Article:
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British Industrial History

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William Carpmael

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William Carpmael (1804-1867)

1830 William Carpmael of the Patent Office, Lincoln's Inn Square, Mechanical Draughtsman, became a member of the Institution of Civil Engineers.[1]

1835 of Poole and Carpmael, patents agents and consulting engineers

1849 Partnership dissolved

1856 of the Patent Office, subscribed £21 to the Smith Testimonial Fund, commemorating the work of F. P. Smith in promoting the screw propeller.

1862 William Carpmael, 24 Southampton Buildings, London.[2]

1867 July 9th. Died.[3]


1870 Obituary [4]

MR. WILLIAM CARPMAEL was born in London, on the 27th February, 1804.

After receiving a mercantile education, he became an assistant in the laboratory of Mr. Kellerman, a chemist, at Luton, in Bedfordshire. There he remained about two years, and obtained a knowledge of the rudiments of chemistry.

He afterwards became a pupil of the late Professor Millington, with whom he studied for some years, and under whose supervision he prepared, amongst other things, the working drawings for the bridge over the river Thames at Great Marlow, the erection of which he also superintended.

Subsequently he designed and erected salt works in Cheshire for the late Mr. Furnival, and these works he managed for some time.

Having, however, become connected with the late Mr. Poole, the Attorney General’s clerk of the Patents with whom he entered into partnership in 1835 as a patent agent and consulting engineer, he ceased to occupy himself with the constructive branch of engineering. The general knowledge of law, which he now required, was obtained by reading with a special pleader, the late Mr. Colman, of the Temple. He also qualified himself for, the bar, and, though never called, was a member of Lincoln’s Inn.

In the consideration of engineering questions he specially excelled by his rapid and firm grasp of new mechanical ideas, and by the closeness and accuracy with which he was able to define them. Every one engaged in matters connected with patents knew that Mr. Carpmael was a strenuous and persistent advocate for an amendment in the Lam of Patents, that he took an active part before the various Committees of the Houses of Parliament on Bills to promote that object, and that he published several useful and practical works bearing on the subject of patents for inventions.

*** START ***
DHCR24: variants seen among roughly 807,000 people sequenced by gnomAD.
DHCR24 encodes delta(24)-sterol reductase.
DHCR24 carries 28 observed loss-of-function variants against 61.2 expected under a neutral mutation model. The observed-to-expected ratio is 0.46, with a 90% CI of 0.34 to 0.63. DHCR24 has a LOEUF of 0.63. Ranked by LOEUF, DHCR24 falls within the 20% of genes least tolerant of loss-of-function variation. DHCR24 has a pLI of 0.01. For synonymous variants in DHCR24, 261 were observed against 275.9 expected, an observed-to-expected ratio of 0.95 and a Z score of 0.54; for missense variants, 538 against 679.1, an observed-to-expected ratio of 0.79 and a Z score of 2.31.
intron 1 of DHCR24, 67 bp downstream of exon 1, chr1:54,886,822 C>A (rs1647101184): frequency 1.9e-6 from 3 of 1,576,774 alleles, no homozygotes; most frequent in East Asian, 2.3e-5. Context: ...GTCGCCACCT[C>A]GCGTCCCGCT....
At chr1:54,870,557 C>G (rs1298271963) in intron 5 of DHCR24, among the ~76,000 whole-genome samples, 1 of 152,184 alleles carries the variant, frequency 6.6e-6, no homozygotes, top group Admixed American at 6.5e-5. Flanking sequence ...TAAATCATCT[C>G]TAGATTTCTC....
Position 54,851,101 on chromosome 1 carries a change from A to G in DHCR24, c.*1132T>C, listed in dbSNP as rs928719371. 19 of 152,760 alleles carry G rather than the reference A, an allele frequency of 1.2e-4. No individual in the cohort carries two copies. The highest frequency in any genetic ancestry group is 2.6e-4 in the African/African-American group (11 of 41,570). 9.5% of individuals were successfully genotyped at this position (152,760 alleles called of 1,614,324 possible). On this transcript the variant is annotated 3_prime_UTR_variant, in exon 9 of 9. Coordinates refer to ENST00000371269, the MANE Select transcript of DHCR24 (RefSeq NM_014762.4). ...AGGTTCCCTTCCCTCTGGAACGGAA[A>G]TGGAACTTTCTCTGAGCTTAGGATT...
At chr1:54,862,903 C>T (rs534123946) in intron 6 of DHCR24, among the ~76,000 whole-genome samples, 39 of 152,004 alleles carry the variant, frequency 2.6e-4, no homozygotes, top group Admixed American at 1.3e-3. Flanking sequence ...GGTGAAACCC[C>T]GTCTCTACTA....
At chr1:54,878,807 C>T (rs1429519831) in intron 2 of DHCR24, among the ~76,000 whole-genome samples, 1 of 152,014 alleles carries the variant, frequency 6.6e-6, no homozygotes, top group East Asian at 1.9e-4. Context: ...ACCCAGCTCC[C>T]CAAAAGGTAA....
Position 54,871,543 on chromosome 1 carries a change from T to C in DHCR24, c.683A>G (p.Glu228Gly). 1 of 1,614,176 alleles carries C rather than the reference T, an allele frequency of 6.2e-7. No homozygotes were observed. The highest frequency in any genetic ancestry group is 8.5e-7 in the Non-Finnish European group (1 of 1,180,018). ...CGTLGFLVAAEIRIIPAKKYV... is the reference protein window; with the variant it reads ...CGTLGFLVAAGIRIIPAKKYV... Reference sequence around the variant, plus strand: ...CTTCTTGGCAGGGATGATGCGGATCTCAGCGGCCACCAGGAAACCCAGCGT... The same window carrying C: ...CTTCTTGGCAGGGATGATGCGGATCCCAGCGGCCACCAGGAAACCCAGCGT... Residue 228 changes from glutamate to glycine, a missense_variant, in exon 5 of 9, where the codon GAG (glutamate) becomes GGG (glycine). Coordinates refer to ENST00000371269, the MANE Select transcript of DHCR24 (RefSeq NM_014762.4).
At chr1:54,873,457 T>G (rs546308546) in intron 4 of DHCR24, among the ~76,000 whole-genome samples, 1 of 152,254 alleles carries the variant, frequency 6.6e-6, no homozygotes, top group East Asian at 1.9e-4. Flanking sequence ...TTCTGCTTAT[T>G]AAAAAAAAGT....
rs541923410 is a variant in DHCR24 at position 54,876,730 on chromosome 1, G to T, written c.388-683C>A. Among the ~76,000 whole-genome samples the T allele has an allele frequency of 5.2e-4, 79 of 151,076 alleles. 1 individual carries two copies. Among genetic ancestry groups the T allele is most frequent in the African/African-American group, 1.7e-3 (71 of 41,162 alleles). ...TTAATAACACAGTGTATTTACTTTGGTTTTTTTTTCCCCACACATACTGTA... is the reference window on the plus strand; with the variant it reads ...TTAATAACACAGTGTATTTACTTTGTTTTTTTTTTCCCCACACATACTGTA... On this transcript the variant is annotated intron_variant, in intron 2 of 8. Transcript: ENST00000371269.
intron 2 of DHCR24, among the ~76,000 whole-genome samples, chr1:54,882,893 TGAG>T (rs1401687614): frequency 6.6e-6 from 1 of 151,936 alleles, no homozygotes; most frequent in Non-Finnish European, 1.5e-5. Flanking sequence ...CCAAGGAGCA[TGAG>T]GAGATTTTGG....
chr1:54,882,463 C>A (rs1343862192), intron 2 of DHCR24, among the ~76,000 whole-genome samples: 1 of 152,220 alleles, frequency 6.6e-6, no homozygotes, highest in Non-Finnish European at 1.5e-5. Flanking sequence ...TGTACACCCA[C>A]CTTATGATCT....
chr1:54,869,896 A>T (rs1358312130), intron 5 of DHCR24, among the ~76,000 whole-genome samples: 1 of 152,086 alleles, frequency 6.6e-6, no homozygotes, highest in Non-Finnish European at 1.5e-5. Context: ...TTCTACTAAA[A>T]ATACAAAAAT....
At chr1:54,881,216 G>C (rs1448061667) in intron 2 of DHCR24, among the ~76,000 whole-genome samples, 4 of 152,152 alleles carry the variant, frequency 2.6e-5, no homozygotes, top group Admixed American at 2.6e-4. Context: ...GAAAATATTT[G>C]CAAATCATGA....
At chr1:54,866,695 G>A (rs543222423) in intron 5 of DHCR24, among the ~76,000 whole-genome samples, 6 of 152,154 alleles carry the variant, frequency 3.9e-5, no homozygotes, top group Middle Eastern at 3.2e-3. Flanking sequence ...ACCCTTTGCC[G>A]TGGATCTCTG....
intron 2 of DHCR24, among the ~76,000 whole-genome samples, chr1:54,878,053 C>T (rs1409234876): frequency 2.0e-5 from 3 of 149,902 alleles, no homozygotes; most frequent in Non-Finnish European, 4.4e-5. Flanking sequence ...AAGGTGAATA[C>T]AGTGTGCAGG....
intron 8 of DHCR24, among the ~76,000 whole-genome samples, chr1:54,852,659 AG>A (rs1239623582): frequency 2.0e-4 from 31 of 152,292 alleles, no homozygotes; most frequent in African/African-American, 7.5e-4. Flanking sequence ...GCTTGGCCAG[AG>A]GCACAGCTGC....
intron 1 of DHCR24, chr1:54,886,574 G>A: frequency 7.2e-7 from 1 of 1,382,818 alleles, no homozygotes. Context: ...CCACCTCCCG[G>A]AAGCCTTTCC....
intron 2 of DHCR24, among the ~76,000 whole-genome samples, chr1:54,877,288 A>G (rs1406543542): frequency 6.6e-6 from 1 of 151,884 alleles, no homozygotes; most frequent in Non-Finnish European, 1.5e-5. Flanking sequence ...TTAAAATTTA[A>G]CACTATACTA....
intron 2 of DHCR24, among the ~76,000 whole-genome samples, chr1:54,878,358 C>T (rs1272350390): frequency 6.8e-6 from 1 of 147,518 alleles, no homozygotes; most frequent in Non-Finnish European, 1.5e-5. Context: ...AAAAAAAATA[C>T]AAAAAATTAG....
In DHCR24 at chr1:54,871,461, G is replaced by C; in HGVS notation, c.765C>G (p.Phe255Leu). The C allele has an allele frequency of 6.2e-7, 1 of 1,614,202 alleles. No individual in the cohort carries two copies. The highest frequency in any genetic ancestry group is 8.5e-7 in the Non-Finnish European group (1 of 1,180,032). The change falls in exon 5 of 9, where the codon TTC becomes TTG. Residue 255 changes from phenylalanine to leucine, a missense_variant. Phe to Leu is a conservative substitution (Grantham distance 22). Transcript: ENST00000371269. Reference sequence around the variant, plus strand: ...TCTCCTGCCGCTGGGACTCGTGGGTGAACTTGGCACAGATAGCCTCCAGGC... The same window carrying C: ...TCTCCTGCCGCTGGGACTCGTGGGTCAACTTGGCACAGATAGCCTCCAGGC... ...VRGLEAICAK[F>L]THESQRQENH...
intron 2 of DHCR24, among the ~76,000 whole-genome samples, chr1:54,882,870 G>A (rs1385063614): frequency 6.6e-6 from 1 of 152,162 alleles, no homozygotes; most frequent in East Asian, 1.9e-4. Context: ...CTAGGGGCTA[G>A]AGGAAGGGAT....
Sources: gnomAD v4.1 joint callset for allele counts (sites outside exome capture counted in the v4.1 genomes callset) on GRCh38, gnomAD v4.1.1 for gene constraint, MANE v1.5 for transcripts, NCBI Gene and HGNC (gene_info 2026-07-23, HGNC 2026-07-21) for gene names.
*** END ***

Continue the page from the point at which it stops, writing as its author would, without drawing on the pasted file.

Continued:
Mr. Carpmael was elected an Associate of the Institution of Civil Engineers on the 16th of March, 1830, served on the Council in the year 1838, was transferred to the class of Members on the 14th of June, 1840, and for many years was a constant attendant at the meetings, and took part in the discussions. He was also a Member of the Royal Institution, and of the Institution of Mechanical Engineers, and an Associate of the Institution of Naval Architects. On the formation of the Metropolitan Board of Works he was elected a member of it, and remained so until his death, taking an active part in the promotion of the projects for the Main Drainage of London and for the Thames Embankment.

Mr. Carpmael died on the 9th of July, 1867, in the sixty-fourth year of his age.


1868 Obituary [5]

WILLIAM CARPMAEL was born in London On 27th February 1804, and after receiving an ordinary mercantile education became assistant in the laboratory of a chemist named Kellerman at Luton in Bedfordshire, where he remained for two years and obtained a knowledge of the rudiments of chemistry.

He afterwards became a pupil of the late Professor Millington, with whom he studied for some years, and under whose supervision he prepared, amongst other engineering works, the working drawings of the bridge over the Thames at Great Marlow, the erection of which he also superintended.

Subsequently he designed and erected salt works in Cheshire for the late Mr. Furnival, and these works he managed for some time.

Having however become connected with the late Mr. Poole, the attorney-general's clerk of the patents, with whom he subsequently entered into partnership in 1835 as a patent agent and consulting engineer, he ceased to occupy himself with the constructive branch of engineering. The general knowledge of law which he now required, he obtained by reading with a special pleader, the late Mr. Colman of the Temple; he also qualified himself for the bar, though never called, and was a member of Lincoln's Inn.

In the consideration of engineering questions he specially excelled in his rapid and firm grasp of new mechanical ideas, and in the closeness and accuracy with which he was able to define them.

He became first an Associate and afterwards a Member of the Institution of Civil Engineers, and for some time was on the Council.

On the formation of the Metropolitan Board of Works he was elected a member of it, and remained as until his death, taking an active part in the promotion of the project for the Main Drainage and for the Thames Embankment.

He became a Member of this Institution in 1862; and died on 9th July 1867 at the age of 63.


See Also

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Sources of Information

  1. 1830 Institution of Civil Engineers
  2. 1862 Institution of Mechanical Engineers
  3. 1862 Institution of Mechanical Engineers
  4. 1870 Institution of Civil Engineers: Obituaries
  5. 1868 Institution of Mechanical Engineers: Obituaries